In the release last week of a few more documents from the raid on Osama bin Laden’s compound in Pakistan, the director of national intelligence included a list of the English-language books that were found in bin Laden’s possession. Among them, The Scrapbook was pleased to see, was one by our friend Henry Sokolski, an occasional contributor to these pages.
Sokolski has a theory for why bin Laden kept that volume, Checking Iran’s Nuclear Ambitions (coauthored with Patrick Clawson), on his bookshelf. “I think OBL was interested in what a strategy to foster a Green Revolution in Iran might consist of,” he told The Scrapbook last week. “That’s what the book was all about—it came out five years before the revolution [in Iran] actually occurred and unfortunately failed.”
Bin Laden may have been curious, but it seems that no one in the White House read the book, or else the regime might have been toppled in the summer of 2009. Instead, it’s on a glide path to a nuclear weapon.
That’s hardly surprising to Sokolski, a former Pentagon official and now executive director of the Nonproliferation Policy Education Center. From his perspective, American policymakers are always a step or two behind, especially on nuclear proliferation issues. “We seem to wait until the problem is all but unsolvable in each case, rather than acting as soon as we can, when we still have options.”
His latest book, Underestimated: Our Not So Peaceful Nuclear Future, explains why that’s a dangerous habit. “We wait until things get so bad, when it does become a problem there’s no easy solution,” says Sokolski. “Unless that culture changes, if you don’t want to do things modestly outlined in this book, you might be toast.”
Underestimated is a powerfully concise volume, 15 years in the making, explains Sokolski. “Other fields of study, like economics and military science, track trends and tell you how to avoid the worst. But when I looked at the field associated with the spread of nuclear proliferation, mostly what you have are tactical accounts and recommendations regarding current events. There’s little or no serious attempt to forecast the future. And I thought, shouldn’t you want to take a stab at what current trends might lead to?”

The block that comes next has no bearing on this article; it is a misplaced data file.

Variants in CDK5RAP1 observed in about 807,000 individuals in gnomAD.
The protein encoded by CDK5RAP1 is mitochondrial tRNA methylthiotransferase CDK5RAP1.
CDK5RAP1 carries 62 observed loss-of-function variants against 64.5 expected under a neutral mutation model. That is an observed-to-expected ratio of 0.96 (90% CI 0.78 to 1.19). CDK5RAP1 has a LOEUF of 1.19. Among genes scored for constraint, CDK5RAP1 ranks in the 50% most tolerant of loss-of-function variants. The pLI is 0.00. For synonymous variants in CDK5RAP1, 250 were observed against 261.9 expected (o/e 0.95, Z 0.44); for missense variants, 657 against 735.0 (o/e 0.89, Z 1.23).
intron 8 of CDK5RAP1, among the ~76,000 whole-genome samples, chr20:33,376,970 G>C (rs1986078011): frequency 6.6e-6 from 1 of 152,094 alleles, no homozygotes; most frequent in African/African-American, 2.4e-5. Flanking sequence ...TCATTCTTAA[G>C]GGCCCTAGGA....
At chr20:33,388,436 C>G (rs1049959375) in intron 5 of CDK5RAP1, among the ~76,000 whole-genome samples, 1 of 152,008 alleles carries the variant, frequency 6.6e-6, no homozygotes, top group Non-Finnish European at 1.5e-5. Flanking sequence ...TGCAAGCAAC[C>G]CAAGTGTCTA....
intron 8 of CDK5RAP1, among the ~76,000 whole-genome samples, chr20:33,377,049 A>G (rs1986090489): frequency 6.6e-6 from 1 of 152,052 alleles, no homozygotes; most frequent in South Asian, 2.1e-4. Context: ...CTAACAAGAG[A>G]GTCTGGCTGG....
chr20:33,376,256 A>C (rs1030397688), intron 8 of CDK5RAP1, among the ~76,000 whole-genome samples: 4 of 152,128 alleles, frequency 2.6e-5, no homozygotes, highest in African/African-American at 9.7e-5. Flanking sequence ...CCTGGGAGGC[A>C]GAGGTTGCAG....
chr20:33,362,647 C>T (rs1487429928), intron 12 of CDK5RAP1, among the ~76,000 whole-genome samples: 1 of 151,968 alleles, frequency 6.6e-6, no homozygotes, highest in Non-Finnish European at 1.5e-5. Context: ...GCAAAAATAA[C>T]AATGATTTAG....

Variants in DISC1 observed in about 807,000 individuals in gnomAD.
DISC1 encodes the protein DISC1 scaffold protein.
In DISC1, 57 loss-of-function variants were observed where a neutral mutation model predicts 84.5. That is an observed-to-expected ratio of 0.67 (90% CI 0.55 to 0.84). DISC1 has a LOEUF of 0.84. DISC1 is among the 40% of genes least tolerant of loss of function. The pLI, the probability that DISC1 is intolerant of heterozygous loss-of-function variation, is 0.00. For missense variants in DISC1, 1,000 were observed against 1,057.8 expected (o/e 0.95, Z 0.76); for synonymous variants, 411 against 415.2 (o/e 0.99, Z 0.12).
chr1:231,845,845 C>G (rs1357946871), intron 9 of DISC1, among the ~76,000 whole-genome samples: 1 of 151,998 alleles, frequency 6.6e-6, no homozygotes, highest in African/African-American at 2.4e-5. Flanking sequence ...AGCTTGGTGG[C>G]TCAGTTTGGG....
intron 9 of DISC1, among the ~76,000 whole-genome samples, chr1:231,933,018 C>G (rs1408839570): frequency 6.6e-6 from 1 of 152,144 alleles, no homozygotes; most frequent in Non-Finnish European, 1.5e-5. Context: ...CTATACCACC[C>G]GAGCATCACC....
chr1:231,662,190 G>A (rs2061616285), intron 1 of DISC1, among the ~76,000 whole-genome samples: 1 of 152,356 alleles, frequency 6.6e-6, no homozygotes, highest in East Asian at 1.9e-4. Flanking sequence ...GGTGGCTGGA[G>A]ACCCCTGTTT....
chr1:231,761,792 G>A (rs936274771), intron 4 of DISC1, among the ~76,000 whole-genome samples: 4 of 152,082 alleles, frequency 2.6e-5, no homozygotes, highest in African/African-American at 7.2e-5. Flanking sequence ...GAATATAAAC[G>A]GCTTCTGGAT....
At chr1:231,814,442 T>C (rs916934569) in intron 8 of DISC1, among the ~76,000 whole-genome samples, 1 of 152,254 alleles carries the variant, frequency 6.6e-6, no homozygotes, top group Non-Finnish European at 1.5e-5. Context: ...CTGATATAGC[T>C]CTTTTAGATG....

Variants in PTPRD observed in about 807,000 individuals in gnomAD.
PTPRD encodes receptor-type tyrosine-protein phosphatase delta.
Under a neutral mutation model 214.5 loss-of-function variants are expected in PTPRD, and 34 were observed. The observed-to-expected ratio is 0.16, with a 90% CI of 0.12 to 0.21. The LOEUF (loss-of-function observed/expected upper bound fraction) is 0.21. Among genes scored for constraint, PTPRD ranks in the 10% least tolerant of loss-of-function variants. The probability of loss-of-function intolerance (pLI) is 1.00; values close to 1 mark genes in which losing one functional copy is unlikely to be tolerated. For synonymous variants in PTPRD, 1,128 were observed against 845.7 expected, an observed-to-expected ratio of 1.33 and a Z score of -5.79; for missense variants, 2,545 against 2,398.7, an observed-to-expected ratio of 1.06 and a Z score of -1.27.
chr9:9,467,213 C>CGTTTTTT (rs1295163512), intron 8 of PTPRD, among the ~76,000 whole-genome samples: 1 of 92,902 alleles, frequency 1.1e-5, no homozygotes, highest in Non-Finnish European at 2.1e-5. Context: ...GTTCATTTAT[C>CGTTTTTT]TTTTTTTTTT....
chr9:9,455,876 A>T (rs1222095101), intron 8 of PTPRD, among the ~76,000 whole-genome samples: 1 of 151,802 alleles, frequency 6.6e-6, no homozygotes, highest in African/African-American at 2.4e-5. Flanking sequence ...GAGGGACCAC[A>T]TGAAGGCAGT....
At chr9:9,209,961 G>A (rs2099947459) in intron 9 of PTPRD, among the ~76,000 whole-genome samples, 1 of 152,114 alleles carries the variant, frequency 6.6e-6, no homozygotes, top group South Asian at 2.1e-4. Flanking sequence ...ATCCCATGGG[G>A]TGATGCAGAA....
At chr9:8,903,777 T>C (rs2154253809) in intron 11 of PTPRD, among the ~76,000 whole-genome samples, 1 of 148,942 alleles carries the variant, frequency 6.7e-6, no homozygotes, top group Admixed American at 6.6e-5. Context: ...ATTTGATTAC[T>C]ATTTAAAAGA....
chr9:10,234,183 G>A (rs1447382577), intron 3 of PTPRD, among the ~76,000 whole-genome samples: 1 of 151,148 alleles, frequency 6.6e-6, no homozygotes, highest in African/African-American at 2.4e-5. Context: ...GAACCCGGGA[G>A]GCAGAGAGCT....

It’s not an upbeat book, as Sokolski confesses. “That’s not because these trends can’t be averted, it’s just that I don’t think we are going to do it. We like talking about it, but we are not taking it seriously.”
To take one example, Sokolski thinks it’s possible to curtail potential problems in East Asia before events outrun America’s ability to do anything about them. “The opportunities for restraint are enormous, but what we are doing seems contrary to that.” For instance, a proposed civilian nuclear agreement with Beijing that gives China wide berth to produce weapons-usable plutonium from U.S.-designed reactors risks rattling its neighbors even more than they already are.
As for the chief proliferation issues of the day—North Korea and Iran—Sokolski thinks the train has already left the station. “Twenty-five years of neglect regarding Iran, when we didn’t blow the whistle, and looked the other way,” says -Sokolski, who was writing memos at the Pentagon on Iran’s drive for a nuclear weapon back in 1989. “And now we think that at the last hour you can stop this? I’m skeptical.”
As the author himself says, Underestimated is not an upbeat book. But it is an essential one.